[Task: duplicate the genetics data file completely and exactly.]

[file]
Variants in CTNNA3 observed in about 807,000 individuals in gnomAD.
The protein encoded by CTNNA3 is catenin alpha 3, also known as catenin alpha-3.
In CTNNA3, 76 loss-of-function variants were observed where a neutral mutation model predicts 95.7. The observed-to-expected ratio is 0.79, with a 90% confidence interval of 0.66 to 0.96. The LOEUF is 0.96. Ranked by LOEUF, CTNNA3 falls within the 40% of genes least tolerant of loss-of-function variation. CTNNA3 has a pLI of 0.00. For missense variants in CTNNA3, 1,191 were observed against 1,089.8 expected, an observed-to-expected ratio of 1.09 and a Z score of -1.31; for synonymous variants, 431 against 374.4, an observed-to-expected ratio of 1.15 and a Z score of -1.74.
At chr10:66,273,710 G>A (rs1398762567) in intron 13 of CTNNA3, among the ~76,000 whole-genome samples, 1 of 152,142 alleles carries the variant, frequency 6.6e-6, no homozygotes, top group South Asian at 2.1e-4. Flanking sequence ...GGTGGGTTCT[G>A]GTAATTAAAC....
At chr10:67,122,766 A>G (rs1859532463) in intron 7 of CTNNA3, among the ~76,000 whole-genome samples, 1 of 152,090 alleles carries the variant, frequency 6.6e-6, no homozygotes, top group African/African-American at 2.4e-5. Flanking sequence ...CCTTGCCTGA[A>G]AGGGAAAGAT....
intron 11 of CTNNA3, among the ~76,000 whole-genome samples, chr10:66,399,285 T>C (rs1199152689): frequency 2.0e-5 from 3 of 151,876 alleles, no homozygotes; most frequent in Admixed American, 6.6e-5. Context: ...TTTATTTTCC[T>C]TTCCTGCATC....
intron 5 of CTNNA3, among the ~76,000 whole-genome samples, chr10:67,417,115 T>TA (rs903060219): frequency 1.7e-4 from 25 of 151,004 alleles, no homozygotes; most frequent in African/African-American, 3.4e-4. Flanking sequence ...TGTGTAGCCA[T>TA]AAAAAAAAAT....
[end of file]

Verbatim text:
Variants in CTNNA3 observed in about 807,000 individuals in gnomAD.
The protein encoded by CTNNA3 is catenin alpha 3, also known as catenin alpha-3.
In CTNNA3, 76 loss-of-function variants were observed where a neutral mutation model predicts 95.7. The observed-to-expected ratio is 0.79, with a 90% confidence interval of 0.66 to 0.96. The LOEUF is 0.96. Ranked by LOEUF, CTNNA3 falls within the 40% of genes least tolerant of loss-of-function variation. CTNNA3 has a pLI of 0.00. For missense variants in CTNNA3, 1,191 were observed against 1,089.8 expected, an observed-to-expected ratio of 1.09 and a Z score of -1.31; for synonymous variants, 431 against 374.4, an observed-to-expected ratio of 1.15 and a Z score of -1.74.
At chr10:66,273,710 G>A (rs1398762567) in intron 13 of CTNNA3, among the ~76,000 whole-genome samples, 1 of 152,142 alleles carries the variant, frequency 6.6e-6, no homozygotes, top group South Asian at 2.1e-4. Flanking sequence ...GGTGGGTTCT[G>A]GTAATTAAAC....
At chr10:67,122,766 A>G (rs1859532463) in intron 7 of CTNNA3, among the ~76,000 whole-genome samples, 1 of 152,090 alleles carries the variant, frequency 6.6e-6, no homozygotes, top group African/African-American at 2.4e-5. Flanking sequence ...CCTTGCCTGA[A>G]AGGGAAAGAT....
intron 11 of CTNNA3, among the ~76,000 whole-genome samples, chr10:66,399,285 T>C (rs1199152689): frequency 2.0e-5 from 3 of 151,876 alleles, no homozygotes; most frequent in Admixed American, 6.6e-5. Context: ...TTTATTTTCC[T>C]TTCCTGCATC....
intron 5 of CTNNA3, among the ~76,000 whole-genome samples, chr10:67,417,115 T>TA (rs903060219): frequency 1.7e-4 from 25 of 151,004 alleles, no homozygotes; most frequent in African/African-American, 3.4e-4. Flanking sequence ...TGTGTAGCCA[T>TA]AAAAAAAAAT....